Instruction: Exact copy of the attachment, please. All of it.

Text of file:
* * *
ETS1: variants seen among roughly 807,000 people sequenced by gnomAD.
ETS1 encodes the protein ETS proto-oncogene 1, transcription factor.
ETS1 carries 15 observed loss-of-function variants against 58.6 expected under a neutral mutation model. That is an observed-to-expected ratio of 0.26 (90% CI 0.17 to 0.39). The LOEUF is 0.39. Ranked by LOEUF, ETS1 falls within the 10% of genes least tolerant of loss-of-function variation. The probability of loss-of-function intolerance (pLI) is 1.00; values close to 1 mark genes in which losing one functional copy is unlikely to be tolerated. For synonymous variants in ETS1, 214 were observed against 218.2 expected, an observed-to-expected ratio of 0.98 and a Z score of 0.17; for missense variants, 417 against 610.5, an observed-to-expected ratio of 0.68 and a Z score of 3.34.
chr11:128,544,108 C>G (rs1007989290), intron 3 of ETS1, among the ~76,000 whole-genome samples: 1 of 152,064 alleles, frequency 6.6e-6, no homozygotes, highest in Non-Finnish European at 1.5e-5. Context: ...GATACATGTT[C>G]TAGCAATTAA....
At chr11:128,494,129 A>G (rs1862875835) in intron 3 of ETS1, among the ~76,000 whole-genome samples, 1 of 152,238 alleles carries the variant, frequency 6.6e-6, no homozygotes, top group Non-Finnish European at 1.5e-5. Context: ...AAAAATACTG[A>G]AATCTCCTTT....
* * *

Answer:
ETS1: variants seen among roughly 807,000 people sequenced by gnomAD.
ETS1 encodes the protein ETS proto-oncogene 1, transcription factor.
ETS1 carries 15 observed loss-of-function variants against 58.6 expected under a neutral mutation model. That is an observed-to-expected ratio of 0.26 (90% CI 0.17 to 0.39). The LOEUF is 0.39. Ranked by LOEUF, ETS1 falls within the 10% of genes least tolerant of loss-of-function variation. The probability of loss-of-function intolerance (pLI) is 1.00; values close to 1 mark genes in which losing one functional copy is unlikely to be tolerated. For synonymous variants in ETS1, 214 were observed against 218.2 expected, an observed-to-expected ratio of 0.98 and a Z score of 0.17; for missense variants, 417 against 610.5, an observed-to-expected ratio of 0.68 and a Z score of 3.34.
chr11:128,544,108 C>G (rs1007989290), intron 3 of ETS1, among the ~76,000 whole-genome samples: 1 of 152,064 alleles, frequency 6.6e-6, no homozygotes, highest in Non-Finnish European at 1.5e-5. Context: ...GATACATGTT[C>G]TAGCAATTAA....
At chr11:128,494,129 A>G (rs1862875835) in intron 3 of ETS1, among the ~76,000 whole-genome samples, 1 of 152,238 alleles carries the variant, frequency 6.6e-6, no homozygotes, top group Non-Finnish European at 1.5e-5. Context: ...AAAAATACTG[A>G]AATCTCCTTT....